Wednesday, May 23, 2012

A Shopping Cart at Wal-Mart

We don't go to Wal-Mart as much as we used to.  The fact that the closest one doesn't keep its shelves stocked as well as it should and the fact they actually keep their prices higher than other Wal-Marts (they're the only game in town) has soured us on shopping there for the most part.  Yet, when my daughter decided to redeem some of her tooth-fairy, birthday, and Christmas money, we took her there. 

While pulling into a parking spot, I witnessed an intriguing incident.  It's an incident that I have actually been a part of previously.  In front of us, a man in a Chevy Blazer was pulling into a particular space.  Some ungrateful soul had left a shopping cart in that space, and instead of getting out of the car and moving the cart, the man tried to bump it out of the way with his vehicle.  It wasn't working.  You could see the frustration on his face, so finally he got out of the vehicle.  He walked up to the shopping cart, and promptly pushed it into another parking space right in front of him.

"Hmmm," I thought.  "How intriguing."

A man gets angry because someone left a shopping cart in a space he desired.  He gets out and moves it--into another parking place which just happens to be right next to the designated cart space.  So, when inconvenienced, he is willing to get out and work just enough to provide a space for himself, but he's not afraid to inconvenience someone else by his actions.  Weird.

It almost highlights perfectly the way a lot of our society works today.  I'll do just enough for me, myself, and I, but I'll be damned if I go above and beyond the call of duty for someone else.  I mean, come on, dude, 15 more feet of pushing and you would have the cart where it's supposed to be and the parking place would be clear.  Is that too much to ask?

Apparently so.

(And just so you know what I did and am not simply complaining; I took that cart for my family to use in the store. When I came out, there were two other baskets in that place, so I removed them and put them in the cart space as well.)

It's somewhat amazes me to see this kind of attitude pervasive in much of society today.  Especially when there are so many self-proclaimed Christians around.  I mean, don't get me wrong.  I see a lot, and I mean A LOT of charity and kindness from Christians.  My congregation members do some awesome things for others.  Whether helping out with medical bills or light bills or rent, you name it, they've forked over cash for it; or showing acts of kindness and compassion to those who are hurting--sending cards, calling, spending time with--they've done it and continue to do it.  And I know my congregation isn't alone.  There are many other people who do such things in and through their church, but how often do we see such things taking place outside the church?  How often do we see people pushing shopping carts away from parking spaces and into designated return areas just because?  How often do we see people cleaning up litter and making things look a little neater even when they don't have to?  How come we pass such things off as someone else's responsibility instead of realizing that such acts are little acts of kindness that flow from a life of service to God and to one another?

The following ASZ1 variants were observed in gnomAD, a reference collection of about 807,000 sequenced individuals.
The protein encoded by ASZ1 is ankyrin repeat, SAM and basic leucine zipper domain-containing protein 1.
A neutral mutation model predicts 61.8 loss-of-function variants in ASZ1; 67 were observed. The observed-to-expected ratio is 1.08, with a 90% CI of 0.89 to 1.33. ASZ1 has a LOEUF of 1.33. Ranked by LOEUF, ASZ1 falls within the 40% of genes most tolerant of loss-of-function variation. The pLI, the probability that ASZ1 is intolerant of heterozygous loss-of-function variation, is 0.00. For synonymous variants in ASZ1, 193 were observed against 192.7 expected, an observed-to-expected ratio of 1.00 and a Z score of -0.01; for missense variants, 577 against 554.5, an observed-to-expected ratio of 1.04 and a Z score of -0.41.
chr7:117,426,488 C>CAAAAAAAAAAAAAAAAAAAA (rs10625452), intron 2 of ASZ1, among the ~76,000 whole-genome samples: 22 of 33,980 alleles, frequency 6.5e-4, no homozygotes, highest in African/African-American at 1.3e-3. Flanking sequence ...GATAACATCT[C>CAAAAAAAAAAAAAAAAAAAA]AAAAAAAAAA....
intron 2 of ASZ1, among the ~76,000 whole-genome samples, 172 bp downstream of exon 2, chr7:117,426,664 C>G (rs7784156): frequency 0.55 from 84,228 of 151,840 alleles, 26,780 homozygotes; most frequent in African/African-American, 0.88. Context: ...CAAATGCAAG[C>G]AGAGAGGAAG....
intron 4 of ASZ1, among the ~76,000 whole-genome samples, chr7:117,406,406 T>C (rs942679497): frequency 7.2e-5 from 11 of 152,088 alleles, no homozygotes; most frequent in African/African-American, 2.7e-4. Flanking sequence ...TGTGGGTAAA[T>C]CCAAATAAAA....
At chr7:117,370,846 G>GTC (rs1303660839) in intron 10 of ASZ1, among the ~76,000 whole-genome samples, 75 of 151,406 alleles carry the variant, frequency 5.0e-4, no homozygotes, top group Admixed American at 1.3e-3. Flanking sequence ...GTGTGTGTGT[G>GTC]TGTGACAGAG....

Is it so hard or so time consuming to put one's faith into action through such small deeds? 

I don't believe the world gets changed through grandiose acts that move mountains and drain the oceans, but I believe the world becomes a better place through little acts done with great love (Mother Teresa).  Is it too much to ask for those of us who are Christians to do such things?

1 comment:

Kathy said...

I'm surprised that more people don't comment on your blog.... I just read it and also your link to "ELCA Conservative." She wrote:

"It's days like this that I wish (modern) Lutherans hadn't ditched the tradition of private confession and absolution."

This fits in perfectly with the Augsburg Confession. Luther had no intention of "ditching" private confession; Luther just didn't like the fact that some idiot confessor told him he had to recite a laundry list of sins.... do you see how the Devil confuses issues? Poor Luther did not know enough to see that he was just getting bad spiritual direction, so he blamed the Church, and then everything got messed up.

You wrote in your previous post:

"And so we seem to be stuck between longing for the truth but dreading it."

I will now venture into the Augsburg Confession.... Incredibly, in the very first sentence of the Preface, the Turks, the Muslims, are mentioned. How ironic. The first paragraph concludes with: "so we may be able to live in unity and concord in the one Christian Church."

Yes! It is possible! We have nothing to fear.